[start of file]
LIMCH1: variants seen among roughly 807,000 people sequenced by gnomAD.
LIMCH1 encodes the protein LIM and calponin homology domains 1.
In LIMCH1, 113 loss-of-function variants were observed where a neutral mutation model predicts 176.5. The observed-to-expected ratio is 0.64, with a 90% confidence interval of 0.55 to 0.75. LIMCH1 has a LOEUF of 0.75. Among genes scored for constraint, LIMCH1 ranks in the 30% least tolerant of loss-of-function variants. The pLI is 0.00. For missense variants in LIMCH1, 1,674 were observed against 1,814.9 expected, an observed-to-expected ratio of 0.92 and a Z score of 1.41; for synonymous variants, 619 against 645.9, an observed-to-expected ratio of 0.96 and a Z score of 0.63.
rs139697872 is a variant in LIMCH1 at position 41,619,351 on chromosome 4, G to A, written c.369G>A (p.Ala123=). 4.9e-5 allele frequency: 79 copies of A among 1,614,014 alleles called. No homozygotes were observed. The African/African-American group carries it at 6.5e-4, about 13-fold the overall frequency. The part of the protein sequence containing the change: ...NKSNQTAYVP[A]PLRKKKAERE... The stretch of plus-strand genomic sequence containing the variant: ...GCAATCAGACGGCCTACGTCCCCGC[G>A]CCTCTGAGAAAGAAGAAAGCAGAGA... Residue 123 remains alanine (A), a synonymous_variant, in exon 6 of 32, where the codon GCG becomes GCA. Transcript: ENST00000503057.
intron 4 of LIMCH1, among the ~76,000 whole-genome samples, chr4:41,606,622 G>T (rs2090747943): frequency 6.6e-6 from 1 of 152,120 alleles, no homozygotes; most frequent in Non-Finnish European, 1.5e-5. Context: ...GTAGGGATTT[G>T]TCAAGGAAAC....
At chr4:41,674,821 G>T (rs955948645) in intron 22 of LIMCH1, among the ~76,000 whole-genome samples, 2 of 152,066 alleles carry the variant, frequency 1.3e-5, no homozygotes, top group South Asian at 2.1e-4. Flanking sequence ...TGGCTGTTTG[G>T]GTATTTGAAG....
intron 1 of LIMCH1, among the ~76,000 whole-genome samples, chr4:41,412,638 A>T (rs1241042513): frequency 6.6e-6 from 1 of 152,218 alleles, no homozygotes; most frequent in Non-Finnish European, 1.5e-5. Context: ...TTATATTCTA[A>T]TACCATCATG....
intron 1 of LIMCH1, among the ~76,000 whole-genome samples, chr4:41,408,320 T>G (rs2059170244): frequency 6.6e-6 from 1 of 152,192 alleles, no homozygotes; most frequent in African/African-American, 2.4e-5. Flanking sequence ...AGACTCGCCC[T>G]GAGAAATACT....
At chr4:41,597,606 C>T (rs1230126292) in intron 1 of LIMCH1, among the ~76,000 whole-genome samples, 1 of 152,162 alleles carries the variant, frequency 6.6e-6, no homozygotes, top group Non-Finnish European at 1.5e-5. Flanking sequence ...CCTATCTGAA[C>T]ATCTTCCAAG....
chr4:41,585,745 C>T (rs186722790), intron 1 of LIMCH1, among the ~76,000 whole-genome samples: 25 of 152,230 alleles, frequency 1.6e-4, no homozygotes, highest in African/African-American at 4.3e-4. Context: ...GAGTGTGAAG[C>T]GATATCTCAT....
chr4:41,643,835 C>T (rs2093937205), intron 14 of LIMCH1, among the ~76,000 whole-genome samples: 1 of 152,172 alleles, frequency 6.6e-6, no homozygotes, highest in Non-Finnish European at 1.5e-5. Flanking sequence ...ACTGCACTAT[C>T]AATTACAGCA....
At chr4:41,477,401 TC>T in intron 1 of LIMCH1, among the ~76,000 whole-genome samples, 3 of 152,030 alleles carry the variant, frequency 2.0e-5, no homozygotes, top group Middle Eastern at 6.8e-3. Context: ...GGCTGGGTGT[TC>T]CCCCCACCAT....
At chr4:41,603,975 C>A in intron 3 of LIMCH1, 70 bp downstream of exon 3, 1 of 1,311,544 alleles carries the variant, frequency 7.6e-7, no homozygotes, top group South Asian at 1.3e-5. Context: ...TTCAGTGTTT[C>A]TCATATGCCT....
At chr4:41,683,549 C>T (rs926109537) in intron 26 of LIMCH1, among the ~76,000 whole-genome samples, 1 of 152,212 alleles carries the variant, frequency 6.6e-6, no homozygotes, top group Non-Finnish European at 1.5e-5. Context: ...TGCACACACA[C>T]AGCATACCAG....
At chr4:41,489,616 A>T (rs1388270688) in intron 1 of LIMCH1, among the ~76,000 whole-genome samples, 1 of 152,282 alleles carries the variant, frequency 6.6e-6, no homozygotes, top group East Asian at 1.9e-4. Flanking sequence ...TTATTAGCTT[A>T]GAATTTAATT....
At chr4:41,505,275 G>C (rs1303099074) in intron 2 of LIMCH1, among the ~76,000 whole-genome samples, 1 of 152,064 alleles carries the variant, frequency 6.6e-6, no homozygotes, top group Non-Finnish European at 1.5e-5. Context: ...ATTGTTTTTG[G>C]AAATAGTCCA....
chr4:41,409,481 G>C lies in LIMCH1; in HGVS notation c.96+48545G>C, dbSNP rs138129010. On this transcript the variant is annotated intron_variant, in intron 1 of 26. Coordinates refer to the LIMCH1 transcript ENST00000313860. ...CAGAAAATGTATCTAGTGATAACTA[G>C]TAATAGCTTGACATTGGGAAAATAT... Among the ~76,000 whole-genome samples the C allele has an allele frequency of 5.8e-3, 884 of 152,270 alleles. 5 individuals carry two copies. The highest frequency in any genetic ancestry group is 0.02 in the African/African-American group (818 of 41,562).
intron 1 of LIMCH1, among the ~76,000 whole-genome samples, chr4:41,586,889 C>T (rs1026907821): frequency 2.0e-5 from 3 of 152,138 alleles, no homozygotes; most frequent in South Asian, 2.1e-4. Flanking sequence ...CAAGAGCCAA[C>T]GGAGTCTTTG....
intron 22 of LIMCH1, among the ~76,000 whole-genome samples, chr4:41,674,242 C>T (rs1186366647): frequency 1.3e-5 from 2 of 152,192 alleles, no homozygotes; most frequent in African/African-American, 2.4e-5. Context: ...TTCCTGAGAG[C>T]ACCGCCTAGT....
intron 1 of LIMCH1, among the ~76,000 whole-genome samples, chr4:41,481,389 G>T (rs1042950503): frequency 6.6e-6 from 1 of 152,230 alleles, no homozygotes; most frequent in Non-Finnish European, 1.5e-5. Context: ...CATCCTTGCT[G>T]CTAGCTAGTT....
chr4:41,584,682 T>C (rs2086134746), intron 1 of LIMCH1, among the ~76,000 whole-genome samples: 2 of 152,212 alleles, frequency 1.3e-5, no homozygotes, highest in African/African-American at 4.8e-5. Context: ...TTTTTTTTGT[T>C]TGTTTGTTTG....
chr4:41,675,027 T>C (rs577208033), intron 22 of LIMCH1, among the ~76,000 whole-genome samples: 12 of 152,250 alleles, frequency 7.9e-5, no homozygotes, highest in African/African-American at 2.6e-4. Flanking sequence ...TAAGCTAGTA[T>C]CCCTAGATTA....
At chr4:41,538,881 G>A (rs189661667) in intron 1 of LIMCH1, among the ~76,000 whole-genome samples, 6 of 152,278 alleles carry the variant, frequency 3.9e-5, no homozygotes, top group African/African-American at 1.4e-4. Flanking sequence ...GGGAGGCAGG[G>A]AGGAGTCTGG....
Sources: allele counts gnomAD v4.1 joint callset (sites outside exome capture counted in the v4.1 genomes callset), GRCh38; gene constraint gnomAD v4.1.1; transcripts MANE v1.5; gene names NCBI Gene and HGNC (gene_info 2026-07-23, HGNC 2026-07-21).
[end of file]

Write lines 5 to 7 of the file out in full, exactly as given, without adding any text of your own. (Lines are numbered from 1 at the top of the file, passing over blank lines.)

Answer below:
intron 4 of LIMCH1, among the ~76,000 whole-genome samples, chr4:41,606,622 G>T (rs2090747943): frequency 6.6e-6 from 1 of 152,120 alleles, no homozygotes; most frequent in Non-Finnish European, 1.5e-5. Context: ...GTAGGGATTT[G>T]TCAAGGAAAC....
At chr4:41,674,821 G>T (rs955948645) in intron 22 of LIMCH1, among the ~76,000 whole-genome samples, 2 of 152,066 alleles carry the variant, frequency 1.3e-5, no homozygotes, top group South Asian at 2.1e-4. Flanking sequence ...TGGCTGTTTG[G>T]GTATTTGAAG....
intron 1 of LIMCH1, among the ~76,000 whole-genome samples, chr4:41,412,638 A>T (rs1241042513): frequency 6.6e-6 from 1 of 152,218 alleles, no homozygotes; most frequent in Non-Finnish European, 1.5e-5. Context: ...TTATATTCTA[A>T]TACCATCATG....